As you may have noticed, Batman isn’t in this issue at all. There is no (to say the very least) flashback to Bruce under the cape and cowl, nor a single panel of Dick as Batman. The only image of Batman is among the dead Bat-family and maybe this was supposed to be an artistic statement or a sign of things to come, but it is too subtle and doesn’t get it’s point across. If that was it’s intention, (and yes I am drawing at strings here) it is not effective at all. While there are new elements thrown into the Hush story it isn’t enough to strive towards anything. Sure, the Jane Doe and Martha Wayne plot points are supposed to come as shocking twists, it doesn’t deliver it’s intended purpose. And although you can state your case in saying that this is the prelude to the actual story-arc, it isn’t a well done prelude. Although all that I have said has a negative connotation to the issue, it was hard for me because I like Paul Dini’s work. The truth of these facts put up against my personal praise for Dini’s work created a standstill in this review with the question being how could I love his work but dislike Streets of Gotham? As I struggled over this I suddenly realized that while I like his writing, his comic book writing isn’t very good. Sure, his work on Batman: The Animated Series was good, but I was in love with that piece of work. I wasn’t a Paul Dini fan, I was a Batman: The Animated Series fan. There is a distinction between the two. Yes of course I can praise his work on The Animated Series , but can I truly praise all of his work, in particular his comic work? No, because Streets of Gotham is bland and uninspiring, and every other reason I have already stated. Does that make me a Paul Dini fan? No, because I only like this one thing that he did, that one time. But of course that isn’t to say he’s over the hill and shouldn’t write anymore, sometimes his comic writing does work and he deserves all that praise that he receives, but it just doesn’t work for me. I feel like he just brushes this series aside to make room for the other things he does, not putting the quality and time into the book, but most of all I feel that he doesn’t really care how the story comes out and how it’s presented. And it’s starting to rub off on me, as I feel myself not caring, as this title moves closer and closer to being dropped from my pull list.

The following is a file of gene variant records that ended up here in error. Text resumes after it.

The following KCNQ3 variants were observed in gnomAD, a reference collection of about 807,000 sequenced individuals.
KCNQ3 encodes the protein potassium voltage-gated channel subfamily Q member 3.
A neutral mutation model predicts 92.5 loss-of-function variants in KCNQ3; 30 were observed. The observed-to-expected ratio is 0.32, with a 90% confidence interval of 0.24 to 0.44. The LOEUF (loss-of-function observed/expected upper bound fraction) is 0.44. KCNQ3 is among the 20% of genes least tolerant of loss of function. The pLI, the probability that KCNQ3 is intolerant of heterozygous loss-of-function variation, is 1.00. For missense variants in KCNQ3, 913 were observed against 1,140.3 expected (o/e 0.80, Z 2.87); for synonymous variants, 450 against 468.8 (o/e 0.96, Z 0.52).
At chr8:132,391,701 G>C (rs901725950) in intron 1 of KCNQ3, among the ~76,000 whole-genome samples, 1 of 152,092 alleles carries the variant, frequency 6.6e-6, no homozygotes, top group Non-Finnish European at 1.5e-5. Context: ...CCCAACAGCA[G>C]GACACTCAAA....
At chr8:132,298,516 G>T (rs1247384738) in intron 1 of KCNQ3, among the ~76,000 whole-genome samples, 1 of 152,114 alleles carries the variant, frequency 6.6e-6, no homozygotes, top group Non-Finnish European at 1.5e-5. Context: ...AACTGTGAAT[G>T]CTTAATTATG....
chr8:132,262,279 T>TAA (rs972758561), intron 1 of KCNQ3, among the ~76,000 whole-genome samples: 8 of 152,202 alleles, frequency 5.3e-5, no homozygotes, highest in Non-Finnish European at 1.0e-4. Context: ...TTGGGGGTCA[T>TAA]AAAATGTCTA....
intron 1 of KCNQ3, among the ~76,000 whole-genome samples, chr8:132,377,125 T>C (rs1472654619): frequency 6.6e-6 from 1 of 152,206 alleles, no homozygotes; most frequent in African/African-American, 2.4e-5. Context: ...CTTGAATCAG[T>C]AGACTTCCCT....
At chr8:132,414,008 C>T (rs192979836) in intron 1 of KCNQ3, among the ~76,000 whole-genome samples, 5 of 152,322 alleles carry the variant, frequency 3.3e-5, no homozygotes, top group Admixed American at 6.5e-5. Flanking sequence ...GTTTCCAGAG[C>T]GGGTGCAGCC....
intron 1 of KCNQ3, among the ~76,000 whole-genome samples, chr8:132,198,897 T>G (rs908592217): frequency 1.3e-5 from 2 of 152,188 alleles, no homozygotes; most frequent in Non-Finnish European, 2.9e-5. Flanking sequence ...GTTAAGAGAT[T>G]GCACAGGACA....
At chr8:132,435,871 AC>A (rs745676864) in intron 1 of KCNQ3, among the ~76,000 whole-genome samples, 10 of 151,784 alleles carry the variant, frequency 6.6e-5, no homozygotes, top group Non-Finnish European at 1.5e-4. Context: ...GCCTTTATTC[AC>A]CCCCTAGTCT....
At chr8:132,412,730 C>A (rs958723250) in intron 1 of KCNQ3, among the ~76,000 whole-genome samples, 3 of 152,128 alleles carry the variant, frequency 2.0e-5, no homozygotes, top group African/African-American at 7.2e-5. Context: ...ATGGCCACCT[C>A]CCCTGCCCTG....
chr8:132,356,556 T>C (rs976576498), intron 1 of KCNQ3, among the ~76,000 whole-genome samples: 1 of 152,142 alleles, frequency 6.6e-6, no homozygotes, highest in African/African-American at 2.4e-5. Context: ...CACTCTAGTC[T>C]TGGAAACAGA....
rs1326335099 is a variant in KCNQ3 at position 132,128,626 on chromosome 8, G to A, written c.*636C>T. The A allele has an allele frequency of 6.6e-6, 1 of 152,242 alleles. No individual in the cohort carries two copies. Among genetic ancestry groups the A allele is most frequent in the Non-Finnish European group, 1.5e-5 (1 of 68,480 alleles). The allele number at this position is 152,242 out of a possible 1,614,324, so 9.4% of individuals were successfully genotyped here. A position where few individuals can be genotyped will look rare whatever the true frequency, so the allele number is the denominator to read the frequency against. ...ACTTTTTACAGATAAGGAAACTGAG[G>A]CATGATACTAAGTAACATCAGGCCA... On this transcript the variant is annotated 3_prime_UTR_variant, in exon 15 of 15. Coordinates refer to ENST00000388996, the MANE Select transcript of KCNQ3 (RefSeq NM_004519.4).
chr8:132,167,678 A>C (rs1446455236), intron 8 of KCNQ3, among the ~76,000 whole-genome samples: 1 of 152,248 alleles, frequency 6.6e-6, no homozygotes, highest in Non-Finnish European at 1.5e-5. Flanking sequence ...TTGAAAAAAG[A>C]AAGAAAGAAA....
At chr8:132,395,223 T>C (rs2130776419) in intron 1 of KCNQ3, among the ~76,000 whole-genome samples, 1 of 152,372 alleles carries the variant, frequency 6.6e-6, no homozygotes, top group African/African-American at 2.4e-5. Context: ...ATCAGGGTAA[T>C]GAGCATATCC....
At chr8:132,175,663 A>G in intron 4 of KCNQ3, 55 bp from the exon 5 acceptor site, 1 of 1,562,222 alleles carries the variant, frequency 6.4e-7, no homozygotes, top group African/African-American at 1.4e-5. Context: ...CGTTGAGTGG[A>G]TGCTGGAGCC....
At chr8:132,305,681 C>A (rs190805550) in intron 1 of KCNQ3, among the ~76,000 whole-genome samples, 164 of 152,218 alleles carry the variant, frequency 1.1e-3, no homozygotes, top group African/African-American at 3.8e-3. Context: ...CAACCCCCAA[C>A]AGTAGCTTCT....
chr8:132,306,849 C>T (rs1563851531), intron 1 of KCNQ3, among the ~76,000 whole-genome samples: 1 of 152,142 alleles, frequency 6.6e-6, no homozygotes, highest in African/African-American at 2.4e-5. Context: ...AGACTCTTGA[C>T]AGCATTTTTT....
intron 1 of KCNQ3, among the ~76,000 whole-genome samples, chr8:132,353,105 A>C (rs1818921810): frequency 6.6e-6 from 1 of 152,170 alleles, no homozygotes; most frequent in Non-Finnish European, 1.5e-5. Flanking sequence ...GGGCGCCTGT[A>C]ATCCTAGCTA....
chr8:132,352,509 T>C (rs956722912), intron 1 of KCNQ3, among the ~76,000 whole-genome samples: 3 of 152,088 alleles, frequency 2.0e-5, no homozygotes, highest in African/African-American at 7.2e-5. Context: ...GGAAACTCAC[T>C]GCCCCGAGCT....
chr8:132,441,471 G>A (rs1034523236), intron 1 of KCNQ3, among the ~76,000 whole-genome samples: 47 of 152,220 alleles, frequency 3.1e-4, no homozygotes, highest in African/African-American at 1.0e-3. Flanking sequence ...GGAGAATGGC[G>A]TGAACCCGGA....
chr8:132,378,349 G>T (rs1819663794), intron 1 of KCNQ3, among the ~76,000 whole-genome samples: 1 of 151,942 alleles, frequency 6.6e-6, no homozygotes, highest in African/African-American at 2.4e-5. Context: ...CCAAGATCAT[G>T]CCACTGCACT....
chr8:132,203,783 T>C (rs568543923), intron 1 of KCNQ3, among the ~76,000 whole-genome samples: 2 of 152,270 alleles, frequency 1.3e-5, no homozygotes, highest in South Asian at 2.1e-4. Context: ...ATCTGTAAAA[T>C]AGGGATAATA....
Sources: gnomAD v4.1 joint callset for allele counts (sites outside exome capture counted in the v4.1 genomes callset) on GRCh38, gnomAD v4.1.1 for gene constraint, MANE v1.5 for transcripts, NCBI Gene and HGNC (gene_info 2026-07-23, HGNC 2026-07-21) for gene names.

As for the positive side of things, I have to commend the artwork of Dustin Nguyen, he is consistently at the top of his game, showing us his fearlessness and downright artistic master craftsmanship that is both shining and honest especially in it‘s darkest moments. His pencils are gentle and not too line heavy that evokes a sense of immediacy, detail, and sharpness that not only tells a story but moves it with such grace and minimalism, it’s hard to believe that there is a story behind the majestic artwork. The other thing I can commend in this issue is John Kalisz’s colors, while I didn’t notice it at first, after my second read through the subtle colors struck me as something fresh and brand new, it has all the right tinges of color in all the right places while not overdoing, and masking Nguyen’s pencils. Overall the artwork is the only source of worthwhile redemption in this issue.
While it is unclear on whether or not this issue delivers anything immediately worthwhile, what is clear is the fact that it was Dini’s failure to give us anything of substance that really brought this issue down.
Batman: Streets of Gotham #14:
Reviewed by Dane